CicLAvias are great and I’ve thoroughly enjoyed every one I’ve been too, but none has me more excited than the South LA edition. Having worked here and even run the LA Marathon through part of this stretch, I’m very acquainted with a region that may be unfamiliar to some Angelenos.
Like most older Los Angeles neighborhoods, South LA has experienced a series of changes, but clearly is on the upswing. With Expo Rail nearby and the Crenshaw Line under construction, this area is well connected to the rest of the city.
Normally, I try to keep my suggestions on the route, but seeing how this edition runs only six miles, there is plenty of opportunity to wander off to explore nearby sights. How many times have you kicked yourself from missing something a block away? Here are my ten sites to see:
2300 S Central Avenue
Landmarked in 2009, Lincoln Theater’s history grew out of discrimination policies that kept African Americans from attending events along the Broadway district in the early part of the 20th century. Opened in 1927, the theater attracted a wide range of audiences and even brought in Hollywood’s elite. It was called the West Coast Apollo during its heyday, with many of the same New York acts bringing their performances to Los Angeles as well. The theater’s golden age ended quickly as the theater was sold to a church in 1962 and has served in that capacity ever since.
4233 S Central Avenue
The Dunbar Hotel was placed on the National Register of Historic Places as it used to house many of the musicians during the blossoming, yet segregated jazz era. For the early half of of the 20th century, this was the Jazz epicenter of the city as many of the greats, such as Louis Armstrong, Billy Holiday, Charlie Parker and Duke Ellington, would play here. Situated across from Central Avenue Jazz Park, you’ll discover many painting and art references to this fantastic era that is still celebrated today.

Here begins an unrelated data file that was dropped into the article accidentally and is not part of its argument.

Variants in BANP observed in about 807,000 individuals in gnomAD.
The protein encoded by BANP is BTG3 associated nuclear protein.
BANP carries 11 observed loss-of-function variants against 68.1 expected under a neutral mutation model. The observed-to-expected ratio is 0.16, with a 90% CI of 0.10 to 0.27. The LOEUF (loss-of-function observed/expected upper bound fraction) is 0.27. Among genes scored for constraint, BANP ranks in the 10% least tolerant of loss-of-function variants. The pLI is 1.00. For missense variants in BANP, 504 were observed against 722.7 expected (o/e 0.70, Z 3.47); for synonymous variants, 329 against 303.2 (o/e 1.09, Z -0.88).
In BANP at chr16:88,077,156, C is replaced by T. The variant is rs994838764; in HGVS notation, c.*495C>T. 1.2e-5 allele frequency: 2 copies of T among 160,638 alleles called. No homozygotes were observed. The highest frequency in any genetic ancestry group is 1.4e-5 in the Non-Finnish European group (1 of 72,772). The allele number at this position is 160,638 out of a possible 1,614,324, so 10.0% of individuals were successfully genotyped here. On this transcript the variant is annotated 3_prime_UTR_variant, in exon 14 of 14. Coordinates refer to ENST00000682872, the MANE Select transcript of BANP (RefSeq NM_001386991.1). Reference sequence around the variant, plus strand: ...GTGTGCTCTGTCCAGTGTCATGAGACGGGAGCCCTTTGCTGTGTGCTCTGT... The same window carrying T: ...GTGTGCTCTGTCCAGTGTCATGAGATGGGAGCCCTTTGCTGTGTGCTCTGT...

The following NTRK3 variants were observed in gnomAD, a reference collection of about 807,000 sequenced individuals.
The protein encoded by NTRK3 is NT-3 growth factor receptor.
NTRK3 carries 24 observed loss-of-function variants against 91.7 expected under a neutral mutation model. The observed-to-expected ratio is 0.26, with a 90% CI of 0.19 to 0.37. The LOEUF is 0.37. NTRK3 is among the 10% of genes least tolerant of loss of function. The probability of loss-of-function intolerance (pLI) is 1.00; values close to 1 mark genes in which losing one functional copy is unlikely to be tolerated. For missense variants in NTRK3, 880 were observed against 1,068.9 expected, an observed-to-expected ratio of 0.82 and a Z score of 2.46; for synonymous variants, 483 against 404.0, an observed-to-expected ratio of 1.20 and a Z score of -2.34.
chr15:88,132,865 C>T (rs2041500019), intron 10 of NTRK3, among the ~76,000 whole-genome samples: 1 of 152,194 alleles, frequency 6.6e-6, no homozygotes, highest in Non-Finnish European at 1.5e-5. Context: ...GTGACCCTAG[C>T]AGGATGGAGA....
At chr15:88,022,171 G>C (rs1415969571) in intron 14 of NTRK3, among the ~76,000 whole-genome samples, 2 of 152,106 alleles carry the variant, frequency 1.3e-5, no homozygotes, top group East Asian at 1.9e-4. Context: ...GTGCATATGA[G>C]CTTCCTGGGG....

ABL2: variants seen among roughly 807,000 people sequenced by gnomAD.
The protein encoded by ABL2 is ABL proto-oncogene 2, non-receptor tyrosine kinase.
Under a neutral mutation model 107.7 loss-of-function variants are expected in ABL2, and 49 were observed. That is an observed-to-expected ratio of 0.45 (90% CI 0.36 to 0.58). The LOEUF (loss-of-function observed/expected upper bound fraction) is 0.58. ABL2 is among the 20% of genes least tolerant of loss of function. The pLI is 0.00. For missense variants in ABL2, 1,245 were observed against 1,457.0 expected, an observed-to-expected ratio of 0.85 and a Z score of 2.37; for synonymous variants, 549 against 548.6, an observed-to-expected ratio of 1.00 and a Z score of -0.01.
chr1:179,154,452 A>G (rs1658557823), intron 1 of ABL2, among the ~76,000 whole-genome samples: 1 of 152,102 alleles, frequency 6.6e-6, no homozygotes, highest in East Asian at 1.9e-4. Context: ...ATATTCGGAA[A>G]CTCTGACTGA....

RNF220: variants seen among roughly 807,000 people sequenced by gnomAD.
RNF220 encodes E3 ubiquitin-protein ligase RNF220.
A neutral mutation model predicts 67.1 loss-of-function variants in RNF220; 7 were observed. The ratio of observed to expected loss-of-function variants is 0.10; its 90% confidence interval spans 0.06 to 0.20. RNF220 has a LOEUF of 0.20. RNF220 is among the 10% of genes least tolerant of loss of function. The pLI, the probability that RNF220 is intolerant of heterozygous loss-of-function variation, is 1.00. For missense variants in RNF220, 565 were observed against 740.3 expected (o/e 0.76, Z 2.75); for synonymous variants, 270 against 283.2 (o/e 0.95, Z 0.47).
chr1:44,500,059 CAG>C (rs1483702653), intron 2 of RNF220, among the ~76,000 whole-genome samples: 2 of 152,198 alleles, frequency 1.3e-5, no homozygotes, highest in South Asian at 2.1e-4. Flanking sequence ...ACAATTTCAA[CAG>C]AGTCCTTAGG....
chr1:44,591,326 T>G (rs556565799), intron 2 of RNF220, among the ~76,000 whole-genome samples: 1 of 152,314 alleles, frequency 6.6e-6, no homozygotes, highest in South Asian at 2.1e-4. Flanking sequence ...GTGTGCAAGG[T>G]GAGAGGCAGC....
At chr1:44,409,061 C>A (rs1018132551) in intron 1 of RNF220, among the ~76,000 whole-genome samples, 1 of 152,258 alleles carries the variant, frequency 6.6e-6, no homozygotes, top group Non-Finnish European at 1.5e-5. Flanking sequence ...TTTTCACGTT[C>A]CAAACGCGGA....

Wrigley Field Site
Gilbert Lindsay Recreation Center
425 East 42nd Place
Just three blocks south of MLK on Avalon used to sit Wrigley Field, home to the original Los Angeles Angels. Built in 1925, Pacific Coast League baseball provided a viable alternative before the big leagues arrived, even seeing the likes of Joe DiMaggio and Ted Williams. With a capacity of 22,000, the stadium was a neighborhood centerpiece as the streetcar would shuttle patrons up Avalon into Downtown. When the Dodgers arrived in 1958, it was the beginning of the end as the Angels moved to Spokane, while the newly formed Major League Angels played their 1961 season in the park. Wrigley Field was demolished in 1965 and now is largely a park.
700 Exposition Park Drive
I’m not taking too much of a leap in assuming that most have experienced some part of one of LA’s landmark parks. The Coliseum itself is the very definition of what historic means. While you can spend the whole day at the museums, don’t feel guilty to take a quick peek through the California Science Center as it’s free. The Rose Garden is another place to take in the beauty and give yourself a rest before heading back across the city.
Manual Arts High School
4131 S Vermont Avenue